I hope you don't mind the length of my comments. I hope I do not talk entirely without sense or purpose (as I do on my blog with great frequency).

Well, what's next, old man? I am waiting for more from the transcont.

Gawain said...

PS What were Gould's "scientific" reasons for disliking old B? (There is a set of Beethoven sonatas he recorded under duress. I own it. It's a monument to his dislike. I have never heard Beethoven played more badly).

Conrad H. Roth said...

You know who else has crazy fans? Marsilio Ficino. True! He has a whole society of worshippers.

Gawain said...

So does Yanni. And Liberace.

Conrad H. Roth said...

Yes, but Ficino? You wouldn't have predicted that one. Well, I wouldn't.

Otto van Karajanstein said...

Well, translating Plato into Latin and being an alchemist is a pretty though combo to beat!

Otto van Karajanstein said...

Gawain, I just realised that it's you who I'm claiming has a scientific view of aesthetics - my tone gently sarcastic, owing to my minor, if receeding, disagreement with you on the aesthetic sense.

And Gawain, of course I don't mind nice long comments. I only wish I could respond in kind, with a full set of words for you rather than these brief points before bed or playtime.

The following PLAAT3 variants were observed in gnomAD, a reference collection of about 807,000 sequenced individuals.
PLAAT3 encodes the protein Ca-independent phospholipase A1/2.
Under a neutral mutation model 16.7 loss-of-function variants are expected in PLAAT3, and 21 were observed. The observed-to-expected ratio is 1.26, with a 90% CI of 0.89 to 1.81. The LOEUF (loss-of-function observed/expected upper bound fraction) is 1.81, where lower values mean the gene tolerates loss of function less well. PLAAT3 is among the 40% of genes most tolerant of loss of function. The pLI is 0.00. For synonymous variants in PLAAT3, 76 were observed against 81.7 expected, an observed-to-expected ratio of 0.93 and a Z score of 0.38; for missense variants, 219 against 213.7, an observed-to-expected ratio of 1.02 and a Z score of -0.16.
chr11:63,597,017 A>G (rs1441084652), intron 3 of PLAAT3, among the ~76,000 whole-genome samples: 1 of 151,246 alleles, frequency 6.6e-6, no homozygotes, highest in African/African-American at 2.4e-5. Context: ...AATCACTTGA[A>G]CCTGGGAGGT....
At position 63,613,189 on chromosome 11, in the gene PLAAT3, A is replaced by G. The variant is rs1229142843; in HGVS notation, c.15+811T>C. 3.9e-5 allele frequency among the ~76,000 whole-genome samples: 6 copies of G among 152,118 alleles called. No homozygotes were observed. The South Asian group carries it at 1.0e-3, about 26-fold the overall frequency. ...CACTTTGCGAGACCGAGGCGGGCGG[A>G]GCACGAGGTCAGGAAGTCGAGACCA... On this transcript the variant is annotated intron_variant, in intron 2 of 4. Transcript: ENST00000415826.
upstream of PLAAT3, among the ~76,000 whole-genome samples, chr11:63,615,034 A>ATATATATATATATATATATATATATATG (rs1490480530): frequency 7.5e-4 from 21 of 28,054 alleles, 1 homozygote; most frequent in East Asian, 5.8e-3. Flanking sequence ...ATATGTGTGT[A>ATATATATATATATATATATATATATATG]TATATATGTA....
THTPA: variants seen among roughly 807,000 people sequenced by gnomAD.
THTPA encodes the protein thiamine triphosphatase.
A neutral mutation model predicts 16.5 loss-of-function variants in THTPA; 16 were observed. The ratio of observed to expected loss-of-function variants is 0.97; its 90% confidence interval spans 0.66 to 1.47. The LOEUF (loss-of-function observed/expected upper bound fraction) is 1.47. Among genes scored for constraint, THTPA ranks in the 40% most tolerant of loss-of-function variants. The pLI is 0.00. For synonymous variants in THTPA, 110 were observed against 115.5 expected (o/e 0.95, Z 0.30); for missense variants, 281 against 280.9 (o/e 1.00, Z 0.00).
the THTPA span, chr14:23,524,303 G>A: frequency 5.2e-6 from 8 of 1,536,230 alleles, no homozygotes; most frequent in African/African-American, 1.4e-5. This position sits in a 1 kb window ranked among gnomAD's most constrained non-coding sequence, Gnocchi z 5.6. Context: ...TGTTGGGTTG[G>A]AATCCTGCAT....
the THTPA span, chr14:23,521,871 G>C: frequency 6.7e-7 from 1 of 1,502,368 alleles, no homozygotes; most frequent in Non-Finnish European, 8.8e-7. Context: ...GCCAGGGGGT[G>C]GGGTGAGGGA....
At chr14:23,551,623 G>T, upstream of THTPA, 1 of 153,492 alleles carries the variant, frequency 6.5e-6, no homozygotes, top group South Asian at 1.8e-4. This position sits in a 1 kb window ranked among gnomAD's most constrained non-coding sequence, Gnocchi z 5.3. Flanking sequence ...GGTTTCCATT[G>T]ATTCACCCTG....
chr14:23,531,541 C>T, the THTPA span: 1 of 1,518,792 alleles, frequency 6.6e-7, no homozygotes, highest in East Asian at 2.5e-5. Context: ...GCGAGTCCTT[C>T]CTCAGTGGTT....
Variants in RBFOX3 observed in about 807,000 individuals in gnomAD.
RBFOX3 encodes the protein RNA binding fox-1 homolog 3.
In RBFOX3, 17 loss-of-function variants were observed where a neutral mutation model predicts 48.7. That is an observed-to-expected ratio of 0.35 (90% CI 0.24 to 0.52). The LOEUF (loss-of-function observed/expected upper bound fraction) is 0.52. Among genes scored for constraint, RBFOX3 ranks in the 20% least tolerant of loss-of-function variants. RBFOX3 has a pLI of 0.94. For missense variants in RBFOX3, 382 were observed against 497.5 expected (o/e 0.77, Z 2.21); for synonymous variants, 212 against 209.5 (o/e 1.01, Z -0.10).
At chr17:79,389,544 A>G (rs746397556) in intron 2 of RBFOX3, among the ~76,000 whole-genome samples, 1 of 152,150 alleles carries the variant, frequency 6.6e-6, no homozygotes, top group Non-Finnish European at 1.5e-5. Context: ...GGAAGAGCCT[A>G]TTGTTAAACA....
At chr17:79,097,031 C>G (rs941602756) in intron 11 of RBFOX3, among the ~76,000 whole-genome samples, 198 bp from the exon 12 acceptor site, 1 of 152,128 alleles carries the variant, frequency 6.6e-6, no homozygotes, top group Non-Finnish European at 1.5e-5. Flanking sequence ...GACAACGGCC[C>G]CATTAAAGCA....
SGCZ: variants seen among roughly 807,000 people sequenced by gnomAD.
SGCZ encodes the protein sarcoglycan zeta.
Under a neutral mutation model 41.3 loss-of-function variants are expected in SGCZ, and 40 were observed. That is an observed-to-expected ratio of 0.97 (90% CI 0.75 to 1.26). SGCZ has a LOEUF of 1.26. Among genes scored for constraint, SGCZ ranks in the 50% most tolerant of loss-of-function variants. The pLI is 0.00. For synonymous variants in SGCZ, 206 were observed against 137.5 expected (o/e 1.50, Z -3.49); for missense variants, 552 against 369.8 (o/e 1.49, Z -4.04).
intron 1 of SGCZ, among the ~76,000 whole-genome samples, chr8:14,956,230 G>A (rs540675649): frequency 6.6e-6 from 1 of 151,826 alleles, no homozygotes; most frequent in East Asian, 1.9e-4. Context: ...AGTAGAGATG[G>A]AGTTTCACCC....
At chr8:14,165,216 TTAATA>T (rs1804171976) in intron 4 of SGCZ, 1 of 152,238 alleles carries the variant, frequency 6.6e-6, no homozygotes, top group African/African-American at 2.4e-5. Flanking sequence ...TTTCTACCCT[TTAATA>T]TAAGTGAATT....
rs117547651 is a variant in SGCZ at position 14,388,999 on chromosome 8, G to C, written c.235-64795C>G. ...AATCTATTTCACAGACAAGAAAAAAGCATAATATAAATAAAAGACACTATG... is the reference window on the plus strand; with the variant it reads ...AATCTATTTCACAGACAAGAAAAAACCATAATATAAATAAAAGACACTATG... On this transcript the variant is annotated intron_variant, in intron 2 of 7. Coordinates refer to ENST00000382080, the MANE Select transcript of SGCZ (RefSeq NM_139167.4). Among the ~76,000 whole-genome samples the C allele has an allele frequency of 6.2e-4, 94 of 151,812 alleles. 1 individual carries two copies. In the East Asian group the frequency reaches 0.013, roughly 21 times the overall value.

Gawain said...

Well, dear friend, conversations do not happen, they are made, and we get out of them no more than we put in (though sometimes less if the other side does not play ball). so get up and start conversing with me. :)

Do I have a scientific view of aesthetics? Hm... I am not sure whether I would characterize it so.

You see, when people say that something is scientific, they usally mean systematic; but I don't have a system.

To the extent that science can account for aesthetics, it would have to account for both pleasure and displeasure of Beethoven, no?

What I do on my blog is try to understand why I like some things; and why some people like things I don't like; the internal logic of (different) aesthetics. But I am never prescriptive. (Though I have rather strong opinions).

And I am interested when people can explain why they like what they like, and the explanation is more involved than "because my grandmother used to play it". Hence my interest in finding out Glenn's reasons for disliking Beethoven. I have never heard them. And *I am sure* that he gave them. Feely and liberally, that old nut.

I like your new post but dont want to leave a meaningless comment. I want to think about it before I write something there. It's important. This is my 2nd most favorite blog already.